Resolving the financial issues in divorce (6)
Form E is the document which summarises the financial situation of the applicant ( the person who opposes the application will prepare a similar document) and explains to the court what the applicant is asking from the court and why. It is referred to as “Form E” from its technical name in the rules. It is a central document in an application to resolve the financial issues arising from the marriage and should be drafted with care. It will contain some or all of the following information as applicable and may contain additional information depending on the particular circumstances of each case:-
1. The ages of the parties.
2. The length of the marriage.
3. Their occupations.
4. The names and ages of any children.
5. The approximate value of the matrimonial home, details of its ownership and whether it is subject to any mortgage or charge and, if so, for how much.
6. Whether either party owns any other land or capital asset and, if so, details of its ownership and value.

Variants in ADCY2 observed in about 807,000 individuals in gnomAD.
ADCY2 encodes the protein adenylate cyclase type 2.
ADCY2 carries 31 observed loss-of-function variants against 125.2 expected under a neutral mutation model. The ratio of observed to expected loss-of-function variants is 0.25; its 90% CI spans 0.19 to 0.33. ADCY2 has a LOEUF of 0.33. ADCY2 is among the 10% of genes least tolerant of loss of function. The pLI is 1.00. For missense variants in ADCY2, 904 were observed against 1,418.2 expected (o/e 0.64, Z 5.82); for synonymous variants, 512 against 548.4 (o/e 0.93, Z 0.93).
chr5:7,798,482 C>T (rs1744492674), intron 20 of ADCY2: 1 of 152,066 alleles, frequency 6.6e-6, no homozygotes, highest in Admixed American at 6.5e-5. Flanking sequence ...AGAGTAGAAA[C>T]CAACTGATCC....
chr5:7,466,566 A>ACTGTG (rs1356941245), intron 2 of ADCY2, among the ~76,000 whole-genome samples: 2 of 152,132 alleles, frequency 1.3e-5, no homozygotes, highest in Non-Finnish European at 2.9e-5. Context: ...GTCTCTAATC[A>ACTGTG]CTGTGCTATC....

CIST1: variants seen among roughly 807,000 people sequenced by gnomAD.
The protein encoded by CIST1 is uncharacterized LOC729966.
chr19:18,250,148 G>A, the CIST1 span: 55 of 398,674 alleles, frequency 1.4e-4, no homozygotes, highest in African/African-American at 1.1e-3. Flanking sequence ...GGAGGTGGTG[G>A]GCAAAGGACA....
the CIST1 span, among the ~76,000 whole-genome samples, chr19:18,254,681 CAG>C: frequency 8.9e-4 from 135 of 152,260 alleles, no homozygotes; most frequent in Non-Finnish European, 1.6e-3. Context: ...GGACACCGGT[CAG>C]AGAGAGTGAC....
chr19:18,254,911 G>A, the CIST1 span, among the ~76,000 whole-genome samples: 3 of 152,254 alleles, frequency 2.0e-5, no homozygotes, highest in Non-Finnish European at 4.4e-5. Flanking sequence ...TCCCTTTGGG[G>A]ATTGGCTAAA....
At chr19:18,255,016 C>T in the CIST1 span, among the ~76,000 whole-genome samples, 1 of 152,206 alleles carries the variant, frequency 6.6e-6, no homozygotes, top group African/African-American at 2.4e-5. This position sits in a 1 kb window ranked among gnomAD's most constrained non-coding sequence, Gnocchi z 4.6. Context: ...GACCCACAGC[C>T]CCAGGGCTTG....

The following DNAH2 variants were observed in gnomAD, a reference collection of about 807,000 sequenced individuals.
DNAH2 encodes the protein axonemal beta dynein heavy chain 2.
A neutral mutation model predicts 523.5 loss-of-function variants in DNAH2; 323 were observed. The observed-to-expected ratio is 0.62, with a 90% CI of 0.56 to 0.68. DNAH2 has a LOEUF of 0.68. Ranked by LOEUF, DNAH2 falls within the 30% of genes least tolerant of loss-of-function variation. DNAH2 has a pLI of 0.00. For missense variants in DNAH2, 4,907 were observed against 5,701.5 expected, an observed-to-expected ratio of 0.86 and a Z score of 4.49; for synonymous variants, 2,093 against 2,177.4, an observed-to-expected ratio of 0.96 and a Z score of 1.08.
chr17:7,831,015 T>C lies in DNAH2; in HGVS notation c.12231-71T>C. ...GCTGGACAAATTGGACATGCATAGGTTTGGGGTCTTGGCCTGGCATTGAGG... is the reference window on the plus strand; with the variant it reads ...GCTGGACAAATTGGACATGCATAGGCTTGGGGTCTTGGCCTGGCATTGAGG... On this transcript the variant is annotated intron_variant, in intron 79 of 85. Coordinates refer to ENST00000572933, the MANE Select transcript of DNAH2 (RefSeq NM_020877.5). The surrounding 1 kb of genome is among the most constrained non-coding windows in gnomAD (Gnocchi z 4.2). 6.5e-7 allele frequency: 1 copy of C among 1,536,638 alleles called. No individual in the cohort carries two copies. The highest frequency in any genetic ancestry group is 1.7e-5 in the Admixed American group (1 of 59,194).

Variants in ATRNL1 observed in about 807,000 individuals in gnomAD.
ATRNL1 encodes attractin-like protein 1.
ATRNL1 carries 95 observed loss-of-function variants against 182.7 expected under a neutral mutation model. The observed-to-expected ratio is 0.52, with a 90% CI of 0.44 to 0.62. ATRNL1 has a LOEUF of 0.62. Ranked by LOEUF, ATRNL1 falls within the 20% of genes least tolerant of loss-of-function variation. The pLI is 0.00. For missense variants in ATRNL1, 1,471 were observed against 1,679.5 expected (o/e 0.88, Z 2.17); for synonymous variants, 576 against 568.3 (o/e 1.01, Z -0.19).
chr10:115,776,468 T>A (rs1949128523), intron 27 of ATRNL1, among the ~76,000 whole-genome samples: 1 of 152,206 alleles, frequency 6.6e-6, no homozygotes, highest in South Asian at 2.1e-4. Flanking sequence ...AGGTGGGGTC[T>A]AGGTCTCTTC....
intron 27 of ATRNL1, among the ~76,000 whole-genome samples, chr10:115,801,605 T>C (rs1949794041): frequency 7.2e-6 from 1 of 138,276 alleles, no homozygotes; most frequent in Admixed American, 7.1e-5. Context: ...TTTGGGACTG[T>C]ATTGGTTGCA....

7. Details of any bank or building society accounts held including the current balances.
8. Details of any TESSAs, PEPs, stocks, shares etc held.
9. Details of any insurance policies in which the applicant has an interest including its value.
10. Any National Savings Certificates, Premium Bonds etc.
11. Details of any debts owed to the applicant (which may, for instance, include damages that the applicant might stand to receive as a result of another court case).
12. Details of any business assets – shares in a private company or in a partnership etc.
13. Any pension entitlements due to be received in the future – including the nature of those benefits, when they are due to be paid and the current transfer value of the pension.
14. Details of any capital liabilities such as debts owed to a bank or hire purchase debts etc.
15. Whether the applicant has any other significant capital asset such as cars, jewellery etc (although in practice the courts are unlikely to bother with personal items with a value of less than a few thousand pounds).
16. Details of income from all sources – whether from employment, self-employment, interest, dividends, state pensions, pensions, income under a trust or whatever.
17. Future needs. These might include:-
1. What sort of income the applicant would need to support him/herself and/or any children and what the future income of the applicant from all sources is likely to be.
2. What sort of accommodation the applicant will need and this may include the accommodation needs of any children.
3. Whether there are any other capital needs such as the need, for instance, for a car.